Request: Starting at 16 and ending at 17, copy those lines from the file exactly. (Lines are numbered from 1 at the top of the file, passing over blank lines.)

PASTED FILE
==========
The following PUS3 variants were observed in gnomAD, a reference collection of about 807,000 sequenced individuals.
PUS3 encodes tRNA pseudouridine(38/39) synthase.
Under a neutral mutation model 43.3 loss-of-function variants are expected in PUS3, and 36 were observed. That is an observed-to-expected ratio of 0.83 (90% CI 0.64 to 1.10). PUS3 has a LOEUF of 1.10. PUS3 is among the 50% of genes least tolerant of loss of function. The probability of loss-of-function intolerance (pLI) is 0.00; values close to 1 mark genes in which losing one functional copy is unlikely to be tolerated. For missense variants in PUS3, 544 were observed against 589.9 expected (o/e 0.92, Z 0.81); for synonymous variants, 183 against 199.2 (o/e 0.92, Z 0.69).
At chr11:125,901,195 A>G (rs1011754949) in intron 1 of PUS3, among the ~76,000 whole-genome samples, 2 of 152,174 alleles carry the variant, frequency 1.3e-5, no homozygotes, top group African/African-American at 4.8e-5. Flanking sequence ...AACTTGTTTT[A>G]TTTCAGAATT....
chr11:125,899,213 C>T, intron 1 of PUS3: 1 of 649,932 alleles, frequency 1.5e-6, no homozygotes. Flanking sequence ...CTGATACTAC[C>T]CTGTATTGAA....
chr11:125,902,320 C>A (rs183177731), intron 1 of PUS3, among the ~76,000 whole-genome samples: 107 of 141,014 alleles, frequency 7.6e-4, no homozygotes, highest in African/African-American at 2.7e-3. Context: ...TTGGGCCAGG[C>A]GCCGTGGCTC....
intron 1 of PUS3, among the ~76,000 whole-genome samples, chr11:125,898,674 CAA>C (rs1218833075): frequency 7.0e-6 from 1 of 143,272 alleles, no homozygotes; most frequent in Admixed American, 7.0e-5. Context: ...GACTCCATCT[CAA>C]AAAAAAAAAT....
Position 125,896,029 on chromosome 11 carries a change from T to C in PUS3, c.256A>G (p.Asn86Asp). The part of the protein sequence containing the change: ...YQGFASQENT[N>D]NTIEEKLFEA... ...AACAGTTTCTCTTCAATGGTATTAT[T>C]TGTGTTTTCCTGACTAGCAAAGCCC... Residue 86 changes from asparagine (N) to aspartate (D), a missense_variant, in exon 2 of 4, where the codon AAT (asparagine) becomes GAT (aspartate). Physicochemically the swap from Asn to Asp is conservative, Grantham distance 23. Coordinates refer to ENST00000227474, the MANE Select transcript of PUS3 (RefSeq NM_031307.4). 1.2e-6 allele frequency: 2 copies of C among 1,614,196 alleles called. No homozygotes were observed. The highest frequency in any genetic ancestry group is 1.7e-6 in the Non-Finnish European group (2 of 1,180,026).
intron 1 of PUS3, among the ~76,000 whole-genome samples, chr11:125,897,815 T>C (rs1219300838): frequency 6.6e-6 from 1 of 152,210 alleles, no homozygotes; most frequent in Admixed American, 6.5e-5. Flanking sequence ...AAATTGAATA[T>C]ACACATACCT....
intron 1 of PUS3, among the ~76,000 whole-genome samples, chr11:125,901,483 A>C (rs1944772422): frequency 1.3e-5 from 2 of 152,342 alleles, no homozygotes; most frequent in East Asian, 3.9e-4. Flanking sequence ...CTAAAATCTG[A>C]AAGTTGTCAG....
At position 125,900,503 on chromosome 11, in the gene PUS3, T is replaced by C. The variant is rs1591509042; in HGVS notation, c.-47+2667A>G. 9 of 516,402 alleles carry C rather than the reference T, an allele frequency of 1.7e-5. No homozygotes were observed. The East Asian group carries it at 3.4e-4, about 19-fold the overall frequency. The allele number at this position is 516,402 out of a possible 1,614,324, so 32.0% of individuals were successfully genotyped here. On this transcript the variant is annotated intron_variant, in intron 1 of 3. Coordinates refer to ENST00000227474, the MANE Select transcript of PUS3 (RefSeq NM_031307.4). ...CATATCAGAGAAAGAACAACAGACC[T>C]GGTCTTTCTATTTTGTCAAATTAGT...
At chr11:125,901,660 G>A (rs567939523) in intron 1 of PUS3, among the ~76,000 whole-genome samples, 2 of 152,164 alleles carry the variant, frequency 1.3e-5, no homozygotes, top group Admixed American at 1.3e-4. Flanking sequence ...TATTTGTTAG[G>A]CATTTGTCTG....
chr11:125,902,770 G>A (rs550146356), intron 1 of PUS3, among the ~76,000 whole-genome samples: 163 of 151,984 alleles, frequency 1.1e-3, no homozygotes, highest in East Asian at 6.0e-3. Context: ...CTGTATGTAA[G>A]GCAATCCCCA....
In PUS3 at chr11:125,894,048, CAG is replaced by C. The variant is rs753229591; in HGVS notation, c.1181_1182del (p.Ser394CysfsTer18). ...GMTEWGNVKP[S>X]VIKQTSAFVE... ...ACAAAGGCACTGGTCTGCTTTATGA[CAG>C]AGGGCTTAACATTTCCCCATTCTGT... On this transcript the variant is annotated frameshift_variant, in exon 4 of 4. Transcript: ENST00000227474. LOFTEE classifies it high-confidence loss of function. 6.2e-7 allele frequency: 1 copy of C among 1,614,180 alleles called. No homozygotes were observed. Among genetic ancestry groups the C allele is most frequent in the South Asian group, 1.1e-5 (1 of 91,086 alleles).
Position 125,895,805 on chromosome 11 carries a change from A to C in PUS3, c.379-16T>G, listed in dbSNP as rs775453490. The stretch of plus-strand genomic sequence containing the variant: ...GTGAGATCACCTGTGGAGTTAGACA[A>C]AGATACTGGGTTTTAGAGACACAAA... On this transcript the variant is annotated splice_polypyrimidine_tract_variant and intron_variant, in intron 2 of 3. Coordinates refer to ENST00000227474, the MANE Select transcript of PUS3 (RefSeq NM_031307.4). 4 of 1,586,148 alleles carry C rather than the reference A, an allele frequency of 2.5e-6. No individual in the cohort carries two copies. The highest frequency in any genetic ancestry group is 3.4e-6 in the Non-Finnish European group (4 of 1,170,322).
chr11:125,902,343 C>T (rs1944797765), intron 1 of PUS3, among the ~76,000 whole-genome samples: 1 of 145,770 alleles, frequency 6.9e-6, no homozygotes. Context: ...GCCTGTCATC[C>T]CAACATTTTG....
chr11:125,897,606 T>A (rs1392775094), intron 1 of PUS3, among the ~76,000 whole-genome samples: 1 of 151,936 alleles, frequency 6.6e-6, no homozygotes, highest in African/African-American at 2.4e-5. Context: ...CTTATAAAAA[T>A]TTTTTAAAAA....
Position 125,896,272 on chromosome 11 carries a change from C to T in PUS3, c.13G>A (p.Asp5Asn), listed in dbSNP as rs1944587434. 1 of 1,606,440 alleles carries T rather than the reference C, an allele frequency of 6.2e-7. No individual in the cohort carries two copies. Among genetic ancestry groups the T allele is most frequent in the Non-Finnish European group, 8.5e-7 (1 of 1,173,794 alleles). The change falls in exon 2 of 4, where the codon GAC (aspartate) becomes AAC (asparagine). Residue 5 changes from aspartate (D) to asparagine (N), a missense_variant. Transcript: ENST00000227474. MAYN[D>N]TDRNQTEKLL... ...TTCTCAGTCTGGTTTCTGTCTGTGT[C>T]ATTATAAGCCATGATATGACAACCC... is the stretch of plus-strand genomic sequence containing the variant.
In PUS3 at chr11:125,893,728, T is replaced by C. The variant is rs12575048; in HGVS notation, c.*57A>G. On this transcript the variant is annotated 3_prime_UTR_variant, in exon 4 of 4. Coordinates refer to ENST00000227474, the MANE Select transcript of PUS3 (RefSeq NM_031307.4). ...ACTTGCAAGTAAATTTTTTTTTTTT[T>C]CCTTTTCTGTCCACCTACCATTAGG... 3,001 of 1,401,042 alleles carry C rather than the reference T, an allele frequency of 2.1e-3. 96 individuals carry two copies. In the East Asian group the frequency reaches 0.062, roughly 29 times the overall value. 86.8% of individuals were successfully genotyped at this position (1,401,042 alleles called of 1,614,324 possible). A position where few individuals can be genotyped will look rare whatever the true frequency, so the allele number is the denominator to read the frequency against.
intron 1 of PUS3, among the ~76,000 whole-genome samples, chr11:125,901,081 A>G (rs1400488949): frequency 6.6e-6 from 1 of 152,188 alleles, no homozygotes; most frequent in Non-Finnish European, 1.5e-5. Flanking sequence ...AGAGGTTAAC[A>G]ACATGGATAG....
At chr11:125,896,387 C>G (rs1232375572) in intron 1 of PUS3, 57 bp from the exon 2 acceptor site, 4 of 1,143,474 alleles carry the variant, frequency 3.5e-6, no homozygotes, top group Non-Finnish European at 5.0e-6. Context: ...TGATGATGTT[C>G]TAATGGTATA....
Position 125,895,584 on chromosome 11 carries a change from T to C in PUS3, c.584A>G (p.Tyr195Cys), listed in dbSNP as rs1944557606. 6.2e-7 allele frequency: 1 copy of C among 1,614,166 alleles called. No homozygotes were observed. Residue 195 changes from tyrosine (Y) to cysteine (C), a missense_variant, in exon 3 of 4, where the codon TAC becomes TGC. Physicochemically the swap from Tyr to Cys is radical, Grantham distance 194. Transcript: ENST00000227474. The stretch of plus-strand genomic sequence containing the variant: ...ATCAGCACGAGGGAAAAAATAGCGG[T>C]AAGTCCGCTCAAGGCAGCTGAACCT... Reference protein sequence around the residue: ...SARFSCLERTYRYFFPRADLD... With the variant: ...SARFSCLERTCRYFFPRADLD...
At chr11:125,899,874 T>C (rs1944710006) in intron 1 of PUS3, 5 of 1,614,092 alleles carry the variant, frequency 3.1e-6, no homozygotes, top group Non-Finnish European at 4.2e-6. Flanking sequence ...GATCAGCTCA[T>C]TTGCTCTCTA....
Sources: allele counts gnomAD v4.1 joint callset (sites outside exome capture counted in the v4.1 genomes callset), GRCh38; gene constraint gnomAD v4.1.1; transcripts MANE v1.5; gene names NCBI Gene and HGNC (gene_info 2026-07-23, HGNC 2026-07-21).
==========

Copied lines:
chr11:125,902,343 C>T (rs1944797765), intron 1 of PUS3, among the ~76,000 whole-genome samples: 1 of 145,770 alleles, frequency 6.9e-6, no homozygotes. Context: ...GCCTGTCATC[C>T]CAACATTTTG....
chr11:125,897,606 T>A (rs1392775094), intron 1 of PUS3, among the ~76,000 whole-genome samples: 1 of 151,936 alleles, frequency 6.6e-6, no homozygotes, highest in African/African-American at 2.4e-5. Context: ...CTTATAAAAA[T>A]TTTTTAAAAA....